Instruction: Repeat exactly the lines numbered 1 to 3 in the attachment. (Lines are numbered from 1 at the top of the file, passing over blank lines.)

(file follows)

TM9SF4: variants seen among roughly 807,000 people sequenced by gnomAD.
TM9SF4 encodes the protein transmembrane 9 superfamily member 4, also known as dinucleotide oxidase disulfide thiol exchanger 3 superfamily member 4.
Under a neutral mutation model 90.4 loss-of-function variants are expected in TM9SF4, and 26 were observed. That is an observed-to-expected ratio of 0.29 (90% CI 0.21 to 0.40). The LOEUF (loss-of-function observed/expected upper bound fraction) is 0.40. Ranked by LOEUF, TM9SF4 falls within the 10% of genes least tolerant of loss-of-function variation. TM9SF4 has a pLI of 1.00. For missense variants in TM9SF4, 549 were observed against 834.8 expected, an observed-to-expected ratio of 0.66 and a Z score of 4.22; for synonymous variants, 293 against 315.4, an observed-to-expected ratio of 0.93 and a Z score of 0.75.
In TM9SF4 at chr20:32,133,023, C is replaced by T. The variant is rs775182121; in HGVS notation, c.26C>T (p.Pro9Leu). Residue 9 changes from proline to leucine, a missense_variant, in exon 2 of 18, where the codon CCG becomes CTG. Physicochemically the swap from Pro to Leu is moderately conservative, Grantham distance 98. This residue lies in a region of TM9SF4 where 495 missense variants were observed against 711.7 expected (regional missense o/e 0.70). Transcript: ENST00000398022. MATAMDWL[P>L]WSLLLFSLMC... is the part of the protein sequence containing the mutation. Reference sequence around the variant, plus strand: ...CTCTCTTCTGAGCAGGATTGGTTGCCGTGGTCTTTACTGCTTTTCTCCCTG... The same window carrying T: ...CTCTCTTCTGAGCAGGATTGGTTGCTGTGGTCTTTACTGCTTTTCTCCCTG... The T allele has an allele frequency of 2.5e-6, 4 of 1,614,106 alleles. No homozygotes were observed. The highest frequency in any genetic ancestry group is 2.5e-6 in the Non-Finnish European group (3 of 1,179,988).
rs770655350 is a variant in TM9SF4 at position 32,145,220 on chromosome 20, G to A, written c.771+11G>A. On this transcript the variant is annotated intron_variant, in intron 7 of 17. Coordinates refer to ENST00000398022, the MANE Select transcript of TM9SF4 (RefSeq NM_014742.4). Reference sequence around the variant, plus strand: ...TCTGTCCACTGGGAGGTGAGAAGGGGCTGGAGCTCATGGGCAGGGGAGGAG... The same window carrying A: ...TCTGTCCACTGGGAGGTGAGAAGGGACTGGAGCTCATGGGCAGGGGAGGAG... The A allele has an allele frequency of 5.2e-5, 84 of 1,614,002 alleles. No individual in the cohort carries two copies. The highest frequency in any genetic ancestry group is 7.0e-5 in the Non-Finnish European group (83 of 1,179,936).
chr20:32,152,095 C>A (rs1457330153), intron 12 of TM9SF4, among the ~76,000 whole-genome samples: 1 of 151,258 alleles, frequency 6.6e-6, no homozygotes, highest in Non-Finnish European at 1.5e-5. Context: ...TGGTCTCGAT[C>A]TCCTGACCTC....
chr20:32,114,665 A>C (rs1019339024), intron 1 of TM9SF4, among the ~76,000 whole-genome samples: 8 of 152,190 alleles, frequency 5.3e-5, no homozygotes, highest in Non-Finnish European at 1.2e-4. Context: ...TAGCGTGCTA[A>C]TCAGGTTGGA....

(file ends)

TM9SF4: variants seen among roughly 807,000 people sequenced by gnomAD.
TM9SF4 encodes the protein transmembrane 9 superfamily member 4, also known as dinucleotide oxidase disulfide thiol exchanger 3 superfamily member 4.
Under a neutral mutation model 90.4 loss-of-function variants are expected in TM9SF4, and 26 were observed. That is an observed-to-expected ratio of 0.29 (90% CI 0.21 to 0.40). The LOEUF (loss-of-function observed/expected upper bound fraction) is 0.40. Ranked by LOEUF, TM9SF4 falls within the 10% of genes least tolerant of loss-of-function variation. TM9SF4 has a pLI of 1.00. For missense variants in TM9SF4, 549 were observed against 834.8 expected, an observed-to-expected ratio of 0.66 and a Z score of 4.22; for synonymous variants, 293 against 315.4, an observed-to-expected ratio of 0.93 and a Z score of 0.75.